Like many countries in Asia, Vietnam used to be ruled by dynasties of families; by feudal lords and ladies; by emperors with harems and grand palaces.
Chances are you’ve heard of the Forbidden City in China — a city built just for the Emperor and his entourage. But did you know that Vietnam had a similar city?
From 1802 to 1945, Vietnam was ruled by the Nguyen Dynasty, a powerful family who had its capital in the city of Hue (pronounced “Hwhey“) for more than 100 years. They would become the last ruling family of this sort in Vietnam, since the Emperor abdicated in 1945 in favor of the new communist government being set up in Hanoi under Ho Chi Minh.
But, since the Nguyen Dynasty was based here for so long, Hue is often still referred to as “Vietnam’s Imperial City.”
And the things you can do here largely reflect this interesting history.
1. Visit the Imperial Citadel
This sprawling complex in Hue was where the Emperors of old would have lived and conducted all their business. There was even a part of the citadel known as “The Forbidden Purple City,” which, much like China’s Forbidden City, was reserved for only the most important people in Vietnam.
Unfortunately, the Imperial Citadel today is just a shadow of what it once was. The temples, pavilions, walls, and gates were damaged first during skirmishes with the French in 1947, and then most of what was left was destroyed by American forces during the Tet Offensive (a major military campaign during the American-Vietnam War) in 1968.
It’s still well worth a visit, though, even if the restoration process has been slow.
2. Go to some imperial tombs
Since Hue was an imperial capital for well over a century, many of the Emperors have elaborate tombs dedicated to them here. Most are located along the Perfume River south of Hue, and you can make a full day of it if tombs are your thing.
I visited to tomb complex of Tu Duc, which was actually built between 1864 and 1867 while the Emperor was still alive. It’s a sprawling complex set around a lake that the Emperor basically treated like a summer home.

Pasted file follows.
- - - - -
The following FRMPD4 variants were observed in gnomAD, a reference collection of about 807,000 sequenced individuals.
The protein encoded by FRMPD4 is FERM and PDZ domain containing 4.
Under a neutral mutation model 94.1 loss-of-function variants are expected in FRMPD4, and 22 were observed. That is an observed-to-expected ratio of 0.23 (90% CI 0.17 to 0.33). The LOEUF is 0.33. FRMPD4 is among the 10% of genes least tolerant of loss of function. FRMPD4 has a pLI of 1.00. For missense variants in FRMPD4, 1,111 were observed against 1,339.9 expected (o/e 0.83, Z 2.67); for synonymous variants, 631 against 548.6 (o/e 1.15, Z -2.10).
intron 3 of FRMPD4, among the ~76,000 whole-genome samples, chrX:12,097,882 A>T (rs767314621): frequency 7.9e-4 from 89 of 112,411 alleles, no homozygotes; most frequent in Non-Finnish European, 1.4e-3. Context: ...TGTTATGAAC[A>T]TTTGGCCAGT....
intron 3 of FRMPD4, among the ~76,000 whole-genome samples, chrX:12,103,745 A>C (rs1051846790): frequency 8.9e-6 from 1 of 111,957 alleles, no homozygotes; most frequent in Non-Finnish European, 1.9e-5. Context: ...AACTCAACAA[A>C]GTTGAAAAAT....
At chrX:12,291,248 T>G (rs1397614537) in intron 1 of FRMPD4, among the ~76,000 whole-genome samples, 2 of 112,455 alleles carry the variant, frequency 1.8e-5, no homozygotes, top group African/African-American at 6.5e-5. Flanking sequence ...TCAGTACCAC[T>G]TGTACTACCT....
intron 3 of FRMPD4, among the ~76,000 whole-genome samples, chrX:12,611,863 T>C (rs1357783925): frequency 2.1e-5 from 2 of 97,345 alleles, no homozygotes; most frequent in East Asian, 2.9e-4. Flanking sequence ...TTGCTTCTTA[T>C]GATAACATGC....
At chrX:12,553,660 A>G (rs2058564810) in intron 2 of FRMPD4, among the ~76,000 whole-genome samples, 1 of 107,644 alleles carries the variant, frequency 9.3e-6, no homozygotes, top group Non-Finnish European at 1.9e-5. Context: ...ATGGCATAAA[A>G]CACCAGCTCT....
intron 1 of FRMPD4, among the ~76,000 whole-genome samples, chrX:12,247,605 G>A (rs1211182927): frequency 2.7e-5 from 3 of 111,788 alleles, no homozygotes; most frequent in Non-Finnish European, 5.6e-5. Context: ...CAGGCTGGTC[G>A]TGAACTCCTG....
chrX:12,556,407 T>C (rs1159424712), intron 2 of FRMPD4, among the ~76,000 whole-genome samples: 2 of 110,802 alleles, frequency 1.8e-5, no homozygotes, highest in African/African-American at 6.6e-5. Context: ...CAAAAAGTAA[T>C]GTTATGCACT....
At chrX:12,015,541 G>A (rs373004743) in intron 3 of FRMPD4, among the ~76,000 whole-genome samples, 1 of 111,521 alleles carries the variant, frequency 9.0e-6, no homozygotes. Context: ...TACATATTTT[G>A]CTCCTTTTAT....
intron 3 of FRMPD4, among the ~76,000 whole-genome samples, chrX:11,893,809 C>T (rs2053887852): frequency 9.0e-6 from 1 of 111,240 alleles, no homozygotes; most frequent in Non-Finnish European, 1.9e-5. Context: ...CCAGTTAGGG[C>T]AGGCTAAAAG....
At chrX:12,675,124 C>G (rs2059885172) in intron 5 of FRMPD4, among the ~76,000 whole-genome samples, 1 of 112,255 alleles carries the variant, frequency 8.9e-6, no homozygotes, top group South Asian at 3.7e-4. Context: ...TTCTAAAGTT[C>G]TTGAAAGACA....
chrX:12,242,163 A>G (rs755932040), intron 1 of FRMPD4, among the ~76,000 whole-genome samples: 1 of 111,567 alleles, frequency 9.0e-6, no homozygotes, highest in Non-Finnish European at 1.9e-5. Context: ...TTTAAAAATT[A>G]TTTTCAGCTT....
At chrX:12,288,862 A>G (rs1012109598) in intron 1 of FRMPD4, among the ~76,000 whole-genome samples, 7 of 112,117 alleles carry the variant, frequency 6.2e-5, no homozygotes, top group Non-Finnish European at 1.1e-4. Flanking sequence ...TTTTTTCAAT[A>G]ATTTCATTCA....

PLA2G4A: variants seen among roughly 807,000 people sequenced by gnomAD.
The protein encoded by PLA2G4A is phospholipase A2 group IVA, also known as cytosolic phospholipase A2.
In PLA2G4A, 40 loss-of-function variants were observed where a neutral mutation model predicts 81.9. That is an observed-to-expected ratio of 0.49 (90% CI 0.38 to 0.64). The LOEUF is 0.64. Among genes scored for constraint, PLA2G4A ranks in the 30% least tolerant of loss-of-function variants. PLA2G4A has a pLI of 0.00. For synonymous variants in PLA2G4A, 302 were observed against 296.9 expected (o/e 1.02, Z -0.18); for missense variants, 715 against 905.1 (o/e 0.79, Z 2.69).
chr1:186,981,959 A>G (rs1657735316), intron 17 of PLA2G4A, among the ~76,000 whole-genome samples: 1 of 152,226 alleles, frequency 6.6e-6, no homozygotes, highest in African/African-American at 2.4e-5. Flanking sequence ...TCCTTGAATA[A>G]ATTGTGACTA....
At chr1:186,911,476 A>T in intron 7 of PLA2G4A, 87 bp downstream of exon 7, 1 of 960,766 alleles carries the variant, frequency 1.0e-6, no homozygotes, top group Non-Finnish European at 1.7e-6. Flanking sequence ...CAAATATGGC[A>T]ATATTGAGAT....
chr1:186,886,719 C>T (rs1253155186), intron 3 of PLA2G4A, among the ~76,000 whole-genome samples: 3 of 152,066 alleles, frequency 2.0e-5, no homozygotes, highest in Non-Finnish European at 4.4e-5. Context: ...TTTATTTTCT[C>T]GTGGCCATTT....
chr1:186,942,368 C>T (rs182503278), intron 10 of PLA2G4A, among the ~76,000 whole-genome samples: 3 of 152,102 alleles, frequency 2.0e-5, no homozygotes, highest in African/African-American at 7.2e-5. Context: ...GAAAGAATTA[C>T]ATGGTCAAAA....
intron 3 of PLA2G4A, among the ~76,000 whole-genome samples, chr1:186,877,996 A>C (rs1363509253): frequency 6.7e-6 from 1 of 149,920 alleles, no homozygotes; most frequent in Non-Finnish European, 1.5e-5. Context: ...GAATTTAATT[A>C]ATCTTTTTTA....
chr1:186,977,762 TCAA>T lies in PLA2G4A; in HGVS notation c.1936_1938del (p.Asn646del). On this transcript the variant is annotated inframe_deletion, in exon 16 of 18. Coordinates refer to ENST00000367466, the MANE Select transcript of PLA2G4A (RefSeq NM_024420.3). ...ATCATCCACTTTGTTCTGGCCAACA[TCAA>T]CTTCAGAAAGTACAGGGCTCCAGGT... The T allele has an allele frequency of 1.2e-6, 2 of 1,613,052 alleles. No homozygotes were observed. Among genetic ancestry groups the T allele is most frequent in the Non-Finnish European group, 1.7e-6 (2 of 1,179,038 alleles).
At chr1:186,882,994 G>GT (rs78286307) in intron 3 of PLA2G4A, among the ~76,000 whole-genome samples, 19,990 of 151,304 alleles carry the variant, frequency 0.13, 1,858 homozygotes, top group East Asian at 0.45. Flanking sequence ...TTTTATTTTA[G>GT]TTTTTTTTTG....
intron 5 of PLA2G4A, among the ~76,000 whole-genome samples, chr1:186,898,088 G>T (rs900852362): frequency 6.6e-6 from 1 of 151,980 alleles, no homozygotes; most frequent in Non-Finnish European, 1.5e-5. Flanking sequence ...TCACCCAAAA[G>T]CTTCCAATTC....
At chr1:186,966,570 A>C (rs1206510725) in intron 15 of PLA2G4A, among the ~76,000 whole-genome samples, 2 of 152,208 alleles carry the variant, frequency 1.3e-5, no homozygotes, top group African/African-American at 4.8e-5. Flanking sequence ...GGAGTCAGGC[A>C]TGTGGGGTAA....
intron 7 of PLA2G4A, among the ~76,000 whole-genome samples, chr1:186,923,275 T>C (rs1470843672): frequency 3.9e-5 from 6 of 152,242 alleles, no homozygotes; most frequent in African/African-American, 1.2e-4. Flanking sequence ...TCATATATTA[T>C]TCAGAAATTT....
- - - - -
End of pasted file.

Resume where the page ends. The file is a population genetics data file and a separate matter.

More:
3. Visit Thien Mu Pagoda
Overlooking the Perfume River, the Thien Mu Pagoda is akin to the “symbol” of the city of Hue. It’s striking to look at, and the grounds are lovely, as well. You’re also sure to see young monks in training here going about their duties and studies.
4. Go to a “Royal Banquet” dinner
If it’s kitsch you’re looking for (and especially if you’re traveling in a larger group), book an evening at a royal banquet. You’ll dress up like Vietnamese royalty, enjoy traditional music, and dine on traditional “royal” dishes that often come out with intricately-carved garnishes shaped like birds.
This is not something I would usually be into, but since I was traveling with a really great group on my Intrepid Travel tour of Vietnam, it ended up being an incredibly fun evening.
5. Take a bike ride through the countryside
Lastly, if you only do one thing in Hue beyond the citadel and tombs, go on a countryside cycling tour. I love bike tours a lot — they give you such a different perspective on a new place, and it was no different in Hue.
The tour I went on had us riding through rice paddies, visiting a countryside market, and having lunch at a local family’s home. It was probably my favorite part of my time in Hue.
This of course is not an exhaustive list. You can also take a dragon boat cruise down the Perfume River, or wade through the chaotic central market. You can even book day tours from here to the Demilitarized Zone not far from Hue that marks where the border between North and South Vietnam used to be.